Diagnosing Osteoporosis

Diagnosing Osteoporosis
Diagnosing Osteoporosis

In our last article, we discussed osteoporosis, its causes and prevention. In this article, we introduce various tests used for diagnose. These tests provide a better understanding of the health of your bones.

At present, there are several tests that you can take to diagnose osteoporosis:

1. DEXA Scan: a test using a special type of X-ray that measures bone mineral density. It is known to be very accurate and effective, but expensive.

2. Measuring bone mineral density (BMD): the average rate of BMD would be > -1.0. The BMD rate of a patient with Osteoporosis is usually around < –

2.5. 3. Testing for a bone marker or other components such as: 3.1 P1NP, NMID – testing the rate of bone generation

3.2 Beta CrossLaps – testing the rate of bone loss, which would be reflected in the blood cells. The higher rate showed means more bone loss.

3.3 PTH – a marker that stabilises calcium in the blood, commanding the kidney to absorb the calcium back to the body rather than excretion. The rate of this marker could tell whether your body is generating or losing bone.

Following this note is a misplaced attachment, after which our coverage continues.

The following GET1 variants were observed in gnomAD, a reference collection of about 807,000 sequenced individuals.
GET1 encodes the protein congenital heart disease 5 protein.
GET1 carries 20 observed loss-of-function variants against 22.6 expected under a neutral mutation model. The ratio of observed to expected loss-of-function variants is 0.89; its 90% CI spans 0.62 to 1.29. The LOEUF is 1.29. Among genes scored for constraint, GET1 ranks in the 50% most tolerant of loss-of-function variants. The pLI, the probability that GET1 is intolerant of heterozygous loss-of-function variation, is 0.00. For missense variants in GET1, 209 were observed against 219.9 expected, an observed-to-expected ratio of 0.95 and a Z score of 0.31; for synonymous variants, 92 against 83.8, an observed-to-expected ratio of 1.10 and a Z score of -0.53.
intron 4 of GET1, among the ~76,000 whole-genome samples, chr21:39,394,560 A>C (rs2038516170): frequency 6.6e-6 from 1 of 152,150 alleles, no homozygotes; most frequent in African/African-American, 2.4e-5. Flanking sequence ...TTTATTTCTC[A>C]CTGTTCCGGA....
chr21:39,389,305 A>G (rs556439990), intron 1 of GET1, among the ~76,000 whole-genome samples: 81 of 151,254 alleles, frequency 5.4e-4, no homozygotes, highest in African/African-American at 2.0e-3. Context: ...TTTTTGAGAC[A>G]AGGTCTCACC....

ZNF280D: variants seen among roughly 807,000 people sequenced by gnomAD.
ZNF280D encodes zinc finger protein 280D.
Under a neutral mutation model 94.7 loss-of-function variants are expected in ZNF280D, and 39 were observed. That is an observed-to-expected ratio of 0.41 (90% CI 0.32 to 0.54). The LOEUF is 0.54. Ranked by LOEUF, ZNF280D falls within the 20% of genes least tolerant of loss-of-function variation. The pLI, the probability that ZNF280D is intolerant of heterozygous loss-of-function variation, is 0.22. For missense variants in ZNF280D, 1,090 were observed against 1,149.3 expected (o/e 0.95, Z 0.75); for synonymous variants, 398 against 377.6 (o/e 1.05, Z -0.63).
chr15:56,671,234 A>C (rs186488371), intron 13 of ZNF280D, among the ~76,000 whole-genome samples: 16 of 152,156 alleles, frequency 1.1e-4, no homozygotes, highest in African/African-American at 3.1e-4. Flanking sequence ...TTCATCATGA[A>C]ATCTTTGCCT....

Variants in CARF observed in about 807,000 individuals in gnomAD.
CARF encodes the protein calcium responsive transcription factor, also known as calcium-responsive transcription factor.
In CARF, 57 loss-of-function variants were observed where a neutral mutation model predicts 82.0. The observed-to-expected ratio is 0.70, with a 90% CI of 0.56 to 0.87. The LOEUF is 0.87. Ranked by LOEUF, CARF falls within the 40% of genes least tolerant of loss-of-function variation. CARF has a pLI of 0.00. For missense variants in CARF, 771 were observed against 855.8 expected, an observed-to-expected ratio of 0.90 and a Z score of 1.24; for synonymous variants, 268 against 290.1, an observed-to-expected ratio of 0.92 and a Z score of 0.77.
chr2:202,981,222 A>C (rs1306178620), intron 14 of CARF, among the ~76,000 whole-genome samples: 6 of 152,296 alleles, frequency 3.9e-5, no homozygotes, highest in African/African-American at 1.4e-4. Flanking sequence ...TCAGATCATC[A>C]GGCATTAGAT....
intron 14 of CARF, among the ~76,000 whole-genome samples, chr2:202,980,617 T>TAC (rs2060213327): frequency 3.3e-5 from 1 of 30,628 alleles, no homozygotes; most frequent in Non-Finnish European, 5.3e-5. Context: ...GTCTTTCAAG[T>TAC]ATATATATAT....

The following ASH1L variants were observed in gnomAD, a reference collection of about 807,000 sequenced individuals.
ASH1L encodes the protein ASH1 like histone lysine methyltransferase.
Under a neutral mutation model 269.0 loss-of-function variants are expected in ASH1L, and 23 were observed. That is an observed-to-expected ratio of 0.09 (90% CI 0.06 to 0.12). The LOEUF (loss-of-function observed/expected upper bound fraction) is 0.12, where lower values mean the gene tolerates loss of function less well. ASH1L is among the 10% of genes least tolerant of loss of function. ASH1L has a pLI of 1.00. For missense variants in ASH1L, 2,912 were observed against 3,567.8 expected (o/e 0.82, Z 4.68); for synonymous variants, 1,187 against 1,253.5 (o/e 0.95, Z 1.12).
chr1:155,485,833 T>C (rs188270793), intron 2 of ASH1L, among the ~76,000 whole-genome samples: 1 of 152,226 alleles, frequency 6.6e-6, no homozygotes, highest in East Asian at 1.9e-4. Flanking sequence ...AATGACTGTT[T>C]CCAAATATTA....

3.4 Vitamin D – supports the intestine to absorb calcium from food and used to repair the bones

3.5 Calcitonin – is produced by the thyroid gland. It supports bone generation, prevents loss of calcium in the bones, and controls the calcium level in blood.

3.6 Estrogen (mainly a female hormone) and Testosterone (mainly a male hormone): supports the kidney to absorb calcium back into the body. After menopause or golden age, these hormones would decrease resulting in a decreased rate of calcium in the blood, including the bone repairing rate.

3.7 Calcium: 99 percent of calcium is found in bones and teeth, and 1 percent is found in blood. 3.8 Phosphorus: 85 percent of phosphorus is found in bones, and 15 percent is found in blood and tissues.